Summary:

Richard Beckman, the publishing vet who was tapped early on by the group of investors that paid an estimated $80 million to buy Nielsen’s b2…

Richard Beckman

Richard Beckman, the publishing vet who was tapped early on by the group of investors that paid an estimated $80 million to buy Nielsen’s b2b publications a year and half ago, is seeing his role reduced at the company, now known as Prometheus Global Media. He’ll be moving out of the role of overseeing the trade mags, which include The Hollywood Reporter, Billboard and Adweek, and will instead be running a new division devoted to branded content, according to a memo obtained by the NY Post. Representatives for Prometheus were unavailable for comment.

Updated: In an interview with The Daily Beast, Beckman derided the NYP’s story as “stupid,” adding that this was merely a shift in responsibility that was common for a new company. “I will continue to be the CEO of Prometheus” he said. “People can interpret or say whatever they want, but that’s the fact.” Separately, Chairman Jimmy Finkelstein also denied any diminution of Beckman’s role. told WWD “Richard was, is and will be the CEO.”

Original Post: Daily operations will be assumed by Prometheus Chairman Jimmy Finkelstein, who initially rounded up the investors to buy the magazines and related conference businesses.

Finkelstein, through his role at Pluribus Capital, became chairman of the b2b trade mag company, which was originally named e5 Global Media, after rounding up Guggenheim Partners to help back the acquisition. Beckman left his post as CEO of Condé Nast’s Fairchild Fashion Group in Jan. 2010 to join Finkelstein and his partners in completely overhauling the Nielsen magazines.

Beckman, a Condé Nast veteran for 24 years, held the Fairchild post for less than 10 months. Beckman was famous for his aggressive sales strategy (his nickname, in a part a reference to his British background and his sales tenacity is “mad dog,” a moniker he resents). He was so highly regarded by Condé Nast Chairman S.I. Newhouse, that Beckman was able to keep his position as publisher of Vogue after being involved in a lawsuit regarding an injury to a staffer that he caused during a sales meeting. As a testament to his skills as a salesman and in corporate diplomacy, Beckman has been able to put that decade-old incident behind him.

The idea of placing someone like Beckman in charge of the magazines was meant to reflect Finkelstein’s rejection of the standard b2b model of dry, just-the-facts, “Inside Baseball” type news coverage. In its place, the reformed THR and Adweek represented the clearest form of that vision, which instead valued buzz-worthy features and edgy profiles that sported lively illustrations and portraits as opposed to stock images of campaigns and official corporate photos.

While the look and feel of the magazines has surely captured attention. But it’s not clear that Beckman’s attempt to go from b2b to “b-to-i” (the “i” stands for “influencer”) has had advertisers and subscribers clamoring to get into the various’ titles pages.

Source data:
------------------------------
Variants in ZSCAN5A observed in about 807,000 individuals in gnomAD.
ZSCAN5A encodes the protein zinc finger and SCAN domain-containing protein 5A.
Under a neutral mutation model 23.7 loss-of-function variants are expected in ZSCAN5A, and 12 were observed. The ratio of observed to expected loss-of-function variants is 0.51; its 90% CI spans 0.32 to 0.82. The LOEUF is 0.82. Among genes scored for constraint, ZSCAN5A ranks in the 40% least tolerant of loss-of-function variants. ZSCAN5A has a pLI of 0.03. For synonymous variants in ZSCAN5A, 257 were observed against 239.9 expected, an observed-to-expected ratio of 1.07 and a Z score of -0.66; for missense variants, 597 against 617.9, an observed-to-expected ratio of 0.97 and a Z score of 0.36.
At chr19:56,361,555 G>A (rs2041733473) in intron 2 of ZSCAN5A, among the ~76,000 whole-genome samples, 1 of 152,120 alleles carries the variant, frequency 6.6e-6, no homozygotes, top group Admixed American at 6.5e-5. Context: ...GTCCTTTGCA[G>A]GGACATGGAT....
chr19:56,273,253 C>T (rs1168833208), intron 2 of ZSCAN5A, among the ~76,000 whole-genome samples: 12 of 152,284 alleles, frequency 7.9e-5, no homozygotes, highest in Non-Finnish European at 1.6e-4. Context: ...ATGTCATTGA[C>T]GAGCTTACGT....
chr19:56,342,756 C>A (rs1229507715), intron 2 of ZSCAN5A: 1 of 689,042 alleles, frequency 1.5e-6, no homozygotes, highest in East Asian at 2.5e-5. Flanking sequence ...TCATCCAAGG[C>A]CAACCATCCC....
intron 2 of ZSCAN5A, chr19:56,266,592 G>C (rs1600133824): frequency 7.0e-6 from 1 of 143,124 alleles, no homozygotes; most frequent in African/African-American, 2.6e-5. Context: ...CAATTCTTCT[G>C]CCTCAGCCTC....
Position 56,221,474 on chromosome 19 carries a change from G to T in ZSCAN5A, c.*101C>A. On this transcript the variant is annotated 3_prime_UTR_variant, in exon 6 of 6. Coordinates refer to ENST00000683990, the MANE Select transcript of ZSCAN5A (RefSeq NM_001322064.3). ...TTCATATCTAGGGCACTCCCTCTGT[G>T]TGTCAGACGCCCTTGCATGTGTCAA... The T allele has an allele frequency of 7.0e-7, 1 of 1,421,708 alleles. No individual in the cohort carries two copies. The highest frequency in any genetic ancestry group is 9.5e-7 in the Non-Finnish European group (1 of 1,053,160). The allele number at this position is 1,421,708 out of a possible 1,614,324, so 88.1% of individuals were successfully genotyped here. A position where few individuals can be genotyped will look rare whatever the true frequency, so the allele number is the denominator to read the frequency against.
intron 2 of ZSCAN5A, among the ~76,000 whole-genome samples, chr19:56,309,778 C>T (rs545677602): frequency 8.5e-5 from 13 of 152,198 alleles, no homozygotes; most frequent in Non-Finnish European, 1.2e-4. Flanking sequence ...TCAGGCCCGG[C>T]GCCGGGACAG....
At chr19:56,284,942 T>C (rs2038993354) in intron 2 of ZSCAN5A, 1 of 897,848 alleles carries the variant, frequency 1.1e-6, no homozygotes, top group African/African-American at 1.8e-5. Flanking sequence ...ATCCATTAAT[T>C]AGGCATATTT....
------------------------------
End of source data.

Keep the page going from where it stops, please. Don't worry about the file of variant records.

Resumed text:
Beckman explained the b-to-i philosophy to Bloomberg BusinessWeek last April in a profile that described the executive as one of the last of the old time publishing moguls, as “your product is talking to not just the industry but also to that top-of-the-pyramid consumer who follows those industries.”

As Adweek Group’s editorial director Michael Wolff, who along with Janice Min as editor of THR, was one of Beckman’s most notably hires, told me the week before the Adweek relaunch in April, the model he was pursuing was similar to Politico, which meant that it would cover the news in a granular, entertaining way, in that it would have wider appeal beyond the ad agencies on Madison Avenue (especially since most of the exciting agencies are not on that famous street anymore).

As b2b magazines struggled with how to manage the internet and social media, the Prometheus magazines would emphasize breaking news online and offering broader features and sumptuous images inside. And months later, many initial doubters have told me that that magazine looks and feels more alive these days. And traffic to the websites are generally up. However, it’s not clear that just being more enjoyable to read has spurred more subscribers and ad spending at the Prometheus titles, which are coping with anemic growth for magazines’ ad dollars generally speaking, as business people continue to shift their industry news consumption to quick — and more often than not, free — bursts of information on the web and mobile phones.

Given the amount of money that has been spent on building Prometheus’ audience, the payoff is surely a long ways off. Beckman’s move to this unnamed new division could be a way of easing him out. Or it could be that Finkelstein is pleased with what he’s done and hopes Beckman can work some quick magic in drawing out revenues through a branded content play. Either way, it sounds a lot less important than seeing if it’s possible to remake a collection of traditional business magazines for the online age.

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